Next-generation and Sanger sequencing were combined to identify disease-causing USH2A mutations in an adult patient with autosomal recessive RP. Induced pluripotent stem cells (iPSCs), generated from the patient’s keratinocytes, were differentiated into multi-layer eyecup-like structures with features of human retinal precursor cells. The inner layer of the eyecups contained photoreceptor precursor cells that expressed photoreceptor markers and exhibited axonemes and basal bodies characteristic of outer segments. Analysis of the USH2A transcripts of these cells revealed that one of the patient’s mutations causes exonification of intron 40, a translation frameshift and a premature stop codon. Western blotting revealed upregulation of GRP78 and GRP94, suggesting that the patient’s other USH2A variant (Arg4192His) causes disease through protein misfolding and ER stress. Transplantation into 4-day-old immunodeficient Crb1−/− mice resulted in the formation of morphologically and immunohistochemically recognizable photoreceptor cells, suggesting that the mutations in this patient act via post-developmental photoreceptor degeneration.
Retinitis pigmentosa is an inherited disorder in which the gradual degeneration of light-sensitive cells in the outer retina, known as photoreceptors, causes a progressive loss of sight. Retinitis pigmentosa can also occur as part of a wider syndrome: patients with Usher syndrome, for example, suffer from early-onset deafness and then develop retinitis pigmentosa later in life. Usher syndrome is caused by mutations in any of more than ten genes, but the most commonly affected is USH2A, which encodes a protein called usherin. Mutations in USH2A can also cause retinitis pigmentosa on its own.
Clinical trials are underway to determine whether it is possible to treat various forms of inherited retinal degeneration using gene therapy. This involves inserting a functional copy of the gene associated with the disease into an inactivated virus, which is then injected into the eye. The virus carries the target gene to the light-sensitive photoreceptor cells where it can replace the faulty gene. This could be particularly useful for conditions such as Usher syndrome, in which the early-onset deafness makes it possible to diagnose retinitis pigmentosa before substantial numbers of photoreceptor cells have been lost.
For gene therapy to become a widely used strategy for the treatment of retinal degenerative disease, identification and functional interrogation of the disease-causing gene/mutations will be critical. This is especially true for large highly polymorphic genes such as USH2A that often have mutations that are difficult to identify by standard sequencing techniques. Likewise, viruses that can carry large amounts of genetic material, or endogenous genome editing approaches, will need to be developed and validated in an efficient patient-specific model system.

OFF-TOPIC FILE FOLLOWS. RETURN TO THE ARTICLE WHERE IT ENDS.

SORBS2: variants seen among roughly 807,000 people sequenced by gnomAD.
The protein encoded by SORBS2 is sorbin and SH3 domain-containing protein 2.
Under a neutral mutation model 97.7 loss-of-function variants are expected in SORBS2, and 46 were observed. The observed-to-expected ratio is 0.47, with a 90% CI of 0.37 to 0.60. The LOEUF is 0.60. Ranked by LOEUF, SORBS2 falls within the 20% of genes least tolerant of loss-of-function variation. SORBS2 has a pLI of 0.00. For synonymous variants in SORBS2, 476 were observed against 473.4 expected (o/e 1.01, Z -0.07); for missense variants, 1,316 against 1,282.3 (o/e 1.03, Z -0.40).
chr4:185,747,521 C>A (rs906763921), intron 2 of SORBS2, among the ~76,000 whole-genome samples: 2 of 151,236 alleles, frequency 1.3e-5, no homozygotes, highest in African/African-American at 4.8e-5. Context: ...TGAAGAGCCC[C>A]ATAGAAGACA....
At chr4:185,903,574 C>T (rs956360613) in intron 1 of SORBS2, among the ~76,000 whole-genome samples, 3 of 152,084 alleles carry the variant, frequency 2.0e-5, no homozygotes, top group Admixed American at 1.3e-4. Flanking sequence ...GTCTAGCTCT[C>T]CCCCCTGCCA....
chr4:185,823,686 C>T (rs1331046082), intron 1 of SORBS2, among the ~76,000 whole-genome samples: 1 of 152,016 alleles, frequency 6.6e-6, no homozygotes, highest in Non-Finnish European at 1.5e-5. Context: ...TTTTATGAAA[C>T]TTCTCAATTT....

Tucker et al. might have found a way to address these problems. In their study, they used skin cells from a retinitis pigmentosa patient with mutations in USH2A to produce induced pluripotent stem cells. These are cells that can be made to develop into a wide variety of mature cell types, depending on the exact conditions in which they are cultured. Tucker et al. used these stem cells to generate photoreceptor precursor cells, which they transplanted into the retinas of immune-suppressed mice. The cells developed into normal-looking photoreceptor cells that expressed photoreceptor-specific proteins.
These results have several implications. First, they support the idea that stem cell-derived retinal photoreceptor cells, generated from patients with unknown mutations, can be used to identify disease-causing genes and to interrogate disease pathophysiology. This will allow for a more rapid development of gene therapy strategies. Second, they demonstrate that USH2A mutations cause retinitis pigmentosa by affecting photoreceptors later in life rather than by altering their development. This suggests that it should, via early intervention, be possible to treat retinitis pigmentosa in adult patients with this form of the disease. Third, the technique could be used to generate animal models in which to study the effects of specific disease-causing mutations on cellular development and function. Finally, this study suggests that skin cells from adults with retinitis pigmentosa could be used to generate immunologically matched photoreceptor cells that can be transplanted back into the same patients to restore their sight. Many questions remain to be answered before this technique can be moved into clinical trials but, in the meantime, it will provide a new tool for research into this major cause of blindness.